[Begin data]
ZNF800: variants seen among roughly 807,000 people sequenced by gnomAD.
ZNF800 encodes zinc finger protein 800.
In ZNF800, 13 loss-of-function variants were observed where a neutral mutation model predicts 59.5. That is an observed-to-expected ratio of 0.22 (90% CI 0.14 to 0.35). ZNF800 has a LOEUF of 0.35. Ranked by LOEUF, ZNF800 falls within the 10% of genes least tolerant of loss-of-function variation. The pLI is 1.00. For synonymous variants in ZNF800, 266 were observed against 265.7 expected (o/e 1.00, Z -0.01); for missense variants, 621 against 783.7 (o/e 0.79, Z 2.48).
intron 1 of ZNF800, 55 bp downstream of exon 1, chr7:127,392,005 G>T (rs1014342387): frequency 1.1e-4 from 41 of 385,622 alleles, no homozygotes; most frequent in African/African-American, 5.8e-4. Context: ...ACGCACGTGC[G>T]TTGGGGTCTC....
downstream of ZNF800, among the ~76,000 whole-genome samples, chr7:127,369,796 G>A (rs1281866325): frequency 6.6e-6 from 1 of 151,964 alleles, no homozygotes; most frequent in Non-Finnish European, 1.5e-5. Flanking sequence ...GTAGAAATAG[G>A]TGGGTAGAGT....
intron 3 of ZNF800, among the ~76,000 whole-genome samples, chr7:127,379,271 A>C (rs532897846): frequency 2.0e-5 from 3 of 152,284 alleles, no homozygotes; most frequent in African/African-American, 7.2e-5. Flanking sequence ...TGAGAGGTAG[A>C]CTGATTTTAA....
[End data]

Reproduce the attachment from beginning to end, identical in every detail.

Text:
ZNF800: variants seen among roughly 807,000 people sequenced by gnomAD.
ZNF800 encodes zinc finger protein 800.
In ZNF800, 13 loss-of-function variants were observed where a neutral mutation model predicts 59.5. That is an observed-to-expected ratio of 0.22 (90% CI 0.14 to 0.35). ZNF800 has a LOEUF of 0.35. Ranked by LOEUF, ZNF800 falls within the 10% of genes least tolerant of loss-of-function variation. The pLI is 1.00. For synonymous variants in ZNF800, 266 were observed against 265.7 expected (o/e 1.00, Z -0.01); for missense variants, 621 against 783.7 (o/e 0.79, Z 2.48).
intron 1 of ZNF800, 55 bp downstream of exon 1, chr7:127,392,005 G>T (rs1014342387): frequency 1.1e-4 from 41 of 385,622 alleles, no homozygotes; most frequent in African/African-American, 5.8e-4. Context: ...ACGCACGTGC[G>T]TTGGGGTCTC....
downstream of ZNF800, among the ~76,000 whole-genome samples, chr7:127,369,796 G>A (rs1281866325): frequency 6.6e-6 from 1 of 151,964 alleles, no homozygotes; most frequent in Non-Finnish European, 1.5e-5. Flanking sequence ...GTAGAAATAG[G>A]TGGGTAGAGT....
intron 3 of ZNF800, among the ~76,000 whole-genome samples, chr7:127,379,271 A>C (rs532897846): frequency 2.0e-5 from 3 of 152,284 alleles, no homozygotes; most frequent in African/African-American, 7.2e-5. Flanking sequence ...TGAGAGGTAG[A>C]CTGATTTTAA....